The damage from Hurricane Matthew continues to devastate North Carolina, with the state experiencing massive flooding. As the death toll climbs, hearts across the country go out to those affected. But sometimes sending heartfelt sentiments just isn't enough — so here's how to help the people trapped in the North Carolina flooding., if you're looking to lend at least one small portion of the storm's many victims.

Hurricane Matthew, which devastated Haiti on its way to the United States, caused damage and casualties in Florida, South Carolina, and Georgia, but it hit North Carolina hard, with the flooding causing at least 11 deaths in the state and stranding 1,500 people. And according to the National Weather Service, the damage isn't over yet. Major flooding could continue into next week. Meanwhile, many have fled their homes, and many who have stayed are trapped due to impassable roads, in some cases without power. Lots of property has been damaged, meaning that victims will be dealing with the ramifications long after the water goes back down.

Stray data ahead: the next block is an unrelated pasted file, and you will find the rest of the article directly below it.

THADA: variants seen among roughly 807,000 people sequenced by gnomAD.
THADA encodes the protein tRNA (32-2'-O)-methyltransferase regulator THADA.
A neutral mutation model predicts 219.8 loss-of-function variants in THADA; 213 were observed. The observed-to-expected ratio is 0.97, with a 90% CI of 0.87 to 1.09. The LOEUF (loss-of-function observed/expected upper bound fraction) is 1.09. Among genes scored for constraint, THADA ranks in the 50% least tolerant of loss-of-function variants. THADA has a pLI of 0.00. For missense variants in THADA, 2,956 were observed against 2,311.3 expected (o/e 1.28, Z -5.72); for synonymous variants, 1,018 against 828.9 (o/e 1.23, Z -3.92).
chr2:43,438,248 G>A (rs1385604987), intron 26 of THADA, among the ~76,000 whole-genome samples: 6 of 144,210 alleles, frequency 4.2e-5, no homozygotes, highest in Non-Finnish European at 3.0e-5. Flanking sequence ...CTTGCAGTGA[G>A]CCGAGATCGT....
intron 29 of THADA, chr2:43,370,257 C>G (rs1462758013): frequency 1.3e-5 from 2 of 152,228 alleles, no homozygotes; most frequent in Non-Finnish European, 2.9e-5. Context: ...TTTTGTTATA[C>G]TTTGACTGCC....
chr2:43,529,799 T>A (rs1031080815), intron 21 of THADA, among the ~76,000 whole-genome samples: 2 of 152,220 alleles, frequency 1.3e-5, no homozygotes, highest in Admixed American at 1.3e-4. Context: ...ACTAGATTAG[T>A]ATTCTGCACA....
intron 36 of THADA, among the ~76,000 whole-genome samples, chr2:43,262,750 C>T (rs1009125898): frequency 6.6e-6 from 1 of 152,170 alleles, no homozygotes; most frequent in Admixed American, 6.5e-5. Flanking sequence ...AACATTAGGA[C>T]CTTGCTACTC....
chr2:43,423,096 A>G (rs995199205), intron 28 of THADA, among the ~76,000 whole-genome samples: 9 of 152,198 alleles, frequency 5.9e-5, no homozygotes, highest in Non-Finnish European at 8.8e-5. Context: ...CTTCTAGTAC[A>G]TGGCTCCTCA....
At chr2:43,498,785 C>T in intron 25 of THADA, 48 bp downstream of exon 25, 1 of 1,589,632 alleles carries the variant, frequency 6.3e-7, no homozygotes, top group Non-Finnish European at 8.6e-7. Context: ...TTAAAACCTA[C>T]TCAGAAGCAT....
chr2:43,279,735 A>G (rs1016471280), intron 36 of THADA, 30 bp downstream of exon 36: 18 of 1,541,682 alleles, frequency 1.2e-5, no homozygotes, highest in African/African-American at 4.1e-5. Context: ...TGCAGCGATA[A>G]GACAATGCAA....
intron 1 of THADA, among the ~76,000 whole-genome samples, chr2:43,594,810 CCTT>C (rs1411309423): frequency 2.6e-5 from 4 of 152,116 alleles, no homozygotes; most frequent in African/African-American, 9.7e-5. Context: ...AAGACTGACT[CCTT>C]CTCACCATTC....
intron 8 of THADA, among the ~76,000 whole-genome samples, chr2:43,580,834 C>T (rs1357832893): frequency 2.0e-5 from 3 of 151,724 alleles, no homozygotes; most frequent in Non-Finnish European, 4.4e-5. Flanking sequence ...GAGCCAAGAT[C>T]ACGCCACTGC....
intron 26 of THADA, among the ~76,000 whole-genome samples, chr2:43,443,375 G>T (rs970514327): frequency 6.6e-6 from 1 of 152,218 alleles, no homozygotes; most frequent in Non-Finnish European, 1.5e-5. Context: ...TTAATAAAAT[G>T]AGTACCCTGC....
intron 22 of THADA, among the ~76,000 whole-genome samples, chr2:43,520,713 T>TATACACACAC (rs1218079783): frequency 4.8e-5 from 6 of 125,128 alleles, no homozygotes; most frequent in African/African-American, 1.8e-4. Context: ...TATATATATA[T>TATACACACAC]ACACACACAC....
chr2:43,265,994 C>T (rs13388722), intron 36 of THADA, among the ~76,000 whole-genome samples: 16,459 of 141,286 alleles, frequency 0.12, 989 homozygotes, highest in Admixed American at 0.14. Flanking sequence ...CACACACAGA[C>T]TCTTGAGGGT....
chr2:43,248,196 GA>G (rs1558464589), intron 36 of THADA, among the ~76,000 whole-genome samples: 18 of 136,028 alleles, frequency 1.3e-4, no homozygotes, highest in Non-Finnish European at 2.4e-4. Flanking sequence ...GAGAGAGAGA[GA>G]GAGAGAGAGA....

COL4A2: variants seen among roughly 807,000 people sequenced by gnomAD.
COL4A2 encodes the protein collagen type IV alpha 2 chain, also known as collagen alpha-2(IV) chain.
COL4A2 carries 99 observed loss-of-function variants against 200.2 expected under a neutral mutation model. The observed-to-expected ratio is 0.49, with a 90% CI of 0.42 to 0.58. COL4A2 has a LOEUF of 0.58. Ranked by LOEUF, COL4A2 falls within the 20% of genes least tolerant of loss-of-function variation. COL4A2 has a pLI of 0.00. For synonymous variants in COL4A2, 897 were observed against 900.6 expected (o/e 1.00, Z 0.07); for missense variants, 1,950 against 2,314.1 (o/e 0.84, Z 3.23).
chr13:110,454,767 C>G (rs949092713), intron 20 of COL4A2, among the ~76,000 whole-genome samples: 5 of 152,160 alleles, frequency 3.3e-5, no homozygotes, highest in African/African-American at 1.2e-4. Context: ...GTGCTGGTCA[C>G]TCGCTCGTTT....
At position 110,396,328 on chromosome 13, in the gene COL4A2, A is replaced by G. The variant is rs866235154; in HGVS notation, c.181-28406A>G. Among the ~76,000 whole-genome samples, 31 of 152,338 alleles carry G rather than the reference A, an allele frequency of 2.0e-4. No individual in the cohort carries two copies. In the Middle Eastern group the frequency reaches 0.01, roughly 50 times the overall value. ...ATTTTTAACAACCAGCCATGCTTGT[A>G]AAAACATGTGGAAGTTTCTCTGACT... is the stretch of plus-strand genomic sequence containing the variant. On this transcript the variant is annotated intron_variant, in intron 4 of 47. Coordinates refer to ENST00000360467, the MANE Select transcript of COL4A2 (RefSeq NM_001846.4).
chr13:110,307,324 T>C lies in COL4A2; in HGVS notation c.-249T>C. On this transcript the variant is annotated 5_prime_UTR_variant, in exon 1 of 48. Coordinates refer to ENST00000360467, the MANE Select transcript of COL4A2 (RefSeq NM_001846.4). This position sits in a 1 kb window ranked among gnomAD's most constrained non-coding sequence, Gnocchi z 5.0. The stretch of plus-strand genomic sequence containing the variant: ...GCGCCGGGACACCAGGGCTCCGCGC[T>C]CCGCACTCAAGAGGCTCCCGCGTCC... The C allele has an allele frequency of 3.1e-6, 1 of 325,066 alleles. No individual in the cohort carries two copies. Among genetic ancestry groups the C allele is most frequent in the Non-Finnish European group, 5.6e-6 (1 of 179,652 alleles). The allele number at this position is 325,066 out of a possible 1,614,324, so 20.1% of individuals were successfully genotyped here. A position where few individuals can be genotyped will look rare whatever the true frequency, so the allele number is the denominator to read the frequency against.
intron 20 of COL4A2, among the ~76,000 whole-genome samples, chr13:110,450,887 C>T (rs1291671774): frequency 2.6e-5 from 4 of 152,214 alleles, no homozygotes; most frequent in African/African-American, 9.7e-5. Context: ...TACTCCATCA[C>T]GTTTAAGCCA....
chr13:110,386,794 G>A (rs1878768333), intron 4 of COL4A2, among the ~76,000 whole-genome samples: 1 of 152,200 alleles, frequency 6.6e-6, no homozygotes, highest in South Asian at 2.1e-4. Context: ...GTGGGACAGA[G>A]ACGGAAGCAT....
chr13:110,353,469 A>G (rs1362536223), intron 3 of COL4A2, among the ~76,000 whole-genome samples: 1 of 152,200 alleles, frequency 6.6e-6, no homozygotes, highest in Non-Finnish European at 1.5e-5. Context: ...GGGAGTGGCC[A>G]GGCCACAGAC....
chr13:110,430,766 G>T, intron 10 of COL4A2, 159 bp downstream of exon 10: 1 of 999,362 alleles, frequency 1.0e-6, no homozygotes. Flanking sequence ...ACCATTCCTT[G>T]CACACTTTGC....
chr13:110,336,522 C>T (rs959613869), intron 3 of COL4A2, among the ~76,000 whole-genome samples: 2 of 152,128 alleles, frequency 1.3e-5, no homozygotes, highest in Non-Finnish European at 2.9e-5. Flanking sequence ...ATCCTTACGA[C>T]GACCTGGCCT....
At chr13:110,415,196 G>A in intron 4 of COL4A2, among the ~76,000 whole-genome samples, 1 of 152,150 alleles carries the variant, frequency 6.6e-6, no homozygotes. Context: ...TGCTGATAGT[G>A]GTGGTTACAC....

For those at home wanting to help out, there are plenty of organizations on the ground who could use donations. One is the North Carolina Community Foundation, which has a Disaster Relief Fund that supports non-profits that are helping hurricane victims. All money raised will go directly to the non-profits that are deemed to provide the "best relief" for those affected by the flooding.

The Salvation Army is also on the ground, sheltering and feeding people who have been forced out of their homes. As the organization says on its website,

During the initial response, shipping clothes, food, and other materials from around the country is simply too difficult, especially if the local roads and infrastructure are damaged. That's why financial gifts are always the best way to help in the immediate aftermath of a disaster.

Those wishing to donate can do so on the organization's website. People in the area can also sign up to volunteer.

The Red Cross is also helping flooding victims, and looking for both financial donations and volunteer assistance. The organization says that, at the moment, "volunteers are making sure basic needs are being meet, providing food, shelter and mental health services."

And for those hoping to help any pets that may have been hurt in the flooding, PETA is slogging through the waters to help the animals.

Of course, spreading the word is always helpful too, especially if you're not near North Carolina, but know people who are.

And consider sending aid to the people who've been affected in other places too, like Haiti, where the death toll has reached 1,000, and the governmental support in recovery efforts will likely be much less than what the United States can give North Carolina.